Phantasm IV has a very similar set up to Phantasm III. Mike is gone, and Reggie takes off down the road on his own. But whereas in the predecessor Reggie was on a mission to save Mike; this time around he is content to leave his surrogate little brother be. Mike, as we discovered in the third movie, is either turning into, or always was, one of the silver spheres (well, gold, actually). Now he looking to solve the riddle of The Tall Man, in hopes of finding a cure.
The movie is almost guilty of what I consider one of the cardinal sins of horror; trying to explain the monster. But in typical Phantasm fashion, the answer we end up with is one of no substance. We see what The Tall Man was before he was The Tall Man; and then we see his current form. There’s no why or how in what happened in between. In fact, depending on how you interpret later events in the film, can we even be sure that the pre-Tall Man was actually The Tall Man we’ve come to know?
All of which is to say; in a film series that strives to confuse and unsettle its audience, one shouldn’t expect a clear answer to any question.
This Phantasm film has a slightly darker tone than the one before it. In the last movie, Reggie drove around collecting oddball allies; in this one, all he encounters are monsters. One of these is a demon cop, who felt like he belonged in a different movie entirely. Were demons ever a part of the Phantasm universe? If you’re going to have a far-out premise, it’s all the more important that establish ground rules and stick to them; if nothing else, they could have revealed the cop monster to be sphere controlled.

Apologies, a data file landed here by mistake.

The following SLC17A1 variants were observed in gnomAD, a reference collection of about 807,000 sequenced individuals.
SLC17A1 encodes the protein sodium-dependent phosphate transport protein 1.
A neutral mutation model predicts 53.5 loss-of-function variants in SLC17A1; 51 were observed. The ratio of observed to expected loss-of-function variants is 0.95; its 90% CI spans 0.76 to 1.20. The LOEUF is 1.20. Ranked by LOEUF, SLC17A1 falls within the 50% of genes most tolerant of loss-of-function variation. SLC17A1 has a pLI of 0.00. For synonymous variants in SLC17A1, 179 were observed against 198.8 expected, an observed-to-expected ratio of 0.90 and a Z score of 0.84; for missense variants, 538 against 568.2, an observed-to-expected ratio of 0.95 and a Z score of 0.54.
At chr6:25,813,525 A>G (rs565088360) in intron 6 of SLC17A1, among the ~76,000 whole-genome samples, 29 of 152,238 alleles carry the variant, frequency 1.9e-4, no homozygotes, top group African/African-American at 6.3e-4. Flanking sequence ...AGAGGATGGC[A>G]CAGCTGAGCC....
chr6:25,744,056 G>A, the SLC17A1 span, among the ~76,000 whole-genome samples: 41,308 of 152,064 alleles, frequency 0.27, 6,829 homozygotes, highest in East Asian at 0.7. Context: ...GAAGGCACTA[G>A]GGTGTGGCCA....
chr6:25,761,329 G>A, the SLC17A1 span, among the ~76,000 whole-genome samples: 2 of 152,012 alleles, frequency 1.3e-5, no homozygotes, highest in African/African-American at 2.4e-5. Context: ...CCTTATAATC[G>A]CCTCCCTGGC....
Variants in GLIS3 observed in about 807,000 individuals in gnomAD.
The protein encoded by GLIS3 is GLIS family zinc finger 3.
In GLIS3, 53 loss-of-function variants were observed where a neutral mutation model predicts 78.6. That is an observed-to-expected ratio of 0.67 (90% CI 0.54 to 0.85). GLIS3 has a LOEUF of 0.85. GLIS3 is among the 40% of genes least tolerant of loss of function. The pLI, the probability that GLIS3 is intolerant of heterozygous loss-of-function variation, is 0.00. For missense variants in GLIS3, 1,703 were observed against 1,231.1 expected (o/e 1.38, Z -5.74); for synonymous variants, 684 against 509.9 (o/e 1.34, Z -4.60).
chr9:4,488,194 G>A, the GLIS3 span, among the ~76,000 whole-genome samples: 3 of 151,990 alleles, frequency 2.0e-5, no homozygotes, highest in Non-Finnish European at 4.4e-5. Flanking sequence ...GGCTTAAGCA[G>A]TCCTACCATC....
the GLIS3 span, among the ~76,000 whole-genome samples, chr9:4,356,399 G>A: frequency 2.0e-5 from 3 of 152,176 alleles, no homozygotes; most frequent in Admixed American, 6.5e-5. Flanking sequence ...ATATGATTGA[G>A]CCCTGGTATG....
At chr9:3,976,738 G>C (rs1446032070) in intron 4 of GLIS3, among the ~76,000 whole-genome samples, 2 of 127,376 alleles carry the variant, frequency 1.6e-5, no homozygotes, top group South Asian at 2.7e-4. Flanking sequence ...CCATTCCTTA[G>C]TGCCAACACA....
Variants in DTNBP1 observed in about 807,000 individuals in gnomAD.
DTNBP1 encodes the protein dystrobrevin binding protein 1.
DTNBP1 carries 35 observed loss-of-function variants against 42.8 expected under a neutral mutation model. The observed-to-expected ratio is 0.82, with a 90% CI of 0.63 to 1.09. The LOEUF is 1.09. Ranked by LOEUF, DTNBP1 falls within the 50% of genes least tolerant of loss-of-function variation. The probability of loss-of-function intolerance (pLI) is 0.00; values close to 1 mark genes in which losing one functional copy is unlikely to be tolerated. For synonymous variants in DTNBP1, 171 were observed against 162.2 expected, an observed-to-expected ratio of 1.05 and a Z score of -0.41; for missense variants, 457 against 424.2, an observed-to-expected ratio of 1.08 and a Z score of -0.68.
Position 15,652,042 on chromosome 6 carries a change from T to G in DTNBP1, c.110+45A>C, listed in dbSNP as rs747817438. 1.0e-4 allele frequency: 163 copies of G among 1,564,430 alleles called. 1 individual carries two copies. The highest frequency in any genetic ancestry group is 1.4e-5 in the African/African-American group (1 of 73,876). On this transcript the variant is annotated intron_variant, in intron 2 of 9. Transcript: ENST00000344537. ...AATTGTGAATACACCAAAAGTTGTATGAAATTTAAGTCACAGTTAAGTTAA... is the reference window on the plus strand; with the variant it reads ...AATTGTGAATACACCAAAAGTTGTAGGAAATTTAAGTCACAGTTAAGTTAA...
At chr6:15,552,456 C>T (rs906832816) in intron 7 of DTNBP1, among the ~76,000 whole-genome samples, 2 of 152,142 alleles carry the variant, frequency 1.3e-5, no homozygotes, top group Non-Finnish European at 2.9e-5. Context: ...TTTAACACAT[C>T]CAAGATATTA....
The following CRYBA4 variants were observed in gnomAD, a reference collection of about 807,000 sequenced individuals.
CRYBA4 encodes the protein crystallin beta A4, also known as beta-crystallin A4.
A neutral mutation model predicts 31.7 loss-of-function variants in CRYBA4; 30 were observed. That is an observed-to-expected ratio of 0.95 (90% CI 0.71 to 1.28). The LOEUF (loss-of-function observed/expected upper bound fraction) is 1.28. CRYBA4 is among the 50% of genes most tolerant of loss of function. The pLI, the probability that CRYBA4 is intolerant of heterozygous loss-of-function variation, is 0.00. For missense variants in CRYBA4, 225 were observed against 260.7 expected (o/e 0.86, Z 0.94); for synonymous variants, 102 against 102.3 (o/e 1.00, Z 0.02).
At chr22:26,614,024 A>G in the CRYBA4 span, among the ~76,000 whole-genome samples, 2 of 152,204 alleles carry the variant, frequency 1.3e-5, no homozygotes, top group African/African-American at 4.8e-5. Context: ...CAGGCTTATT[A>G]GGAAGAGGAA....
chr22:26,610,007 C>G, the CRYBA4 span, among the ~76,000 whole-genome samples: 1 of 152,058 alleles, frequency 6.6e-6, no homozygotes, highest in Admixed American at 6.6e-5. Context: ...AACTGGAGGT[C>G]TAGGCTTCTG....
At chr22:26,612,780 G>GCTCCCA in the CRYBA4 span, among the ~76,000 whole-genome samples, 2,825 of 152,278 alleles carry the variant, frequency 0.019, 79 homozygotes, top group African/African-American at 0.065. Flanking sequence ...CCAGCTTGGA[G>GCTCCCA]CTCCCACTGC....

I’m not sure if it’s an homage to the last movie, or just a lack of creativity; but once again we have a scene in which Reggie convinces an attractive woman to share a motel room with him, where he attempts and fails to get her to sleep with him. This time the cost of failure is harsher, though.
Mike’s adventure is pretty scattershot. It’s like any random concept that popped into director Don Coscarelli’s head was added to the movie. Dimensional gates in the middle of nowhere? Sure! Time Travel? Okay. Telekinetic Powers? Carrie was popular, so why not! Sudden, unexplained engineering expertise? Yes!
Phantasm IV: Oblivion is just as unpredictable as the previous films; but it somehow seems a little more formulaic this time. Perhaps we’ve simply come to expect the unexpected in the Phantasm series, and so nothing is really surprising anymore. The comedic elements of the last film, as misplaced as some of them were, at least added a new edge to the story. Phantasm 4, by contrast, is feeling a little tired.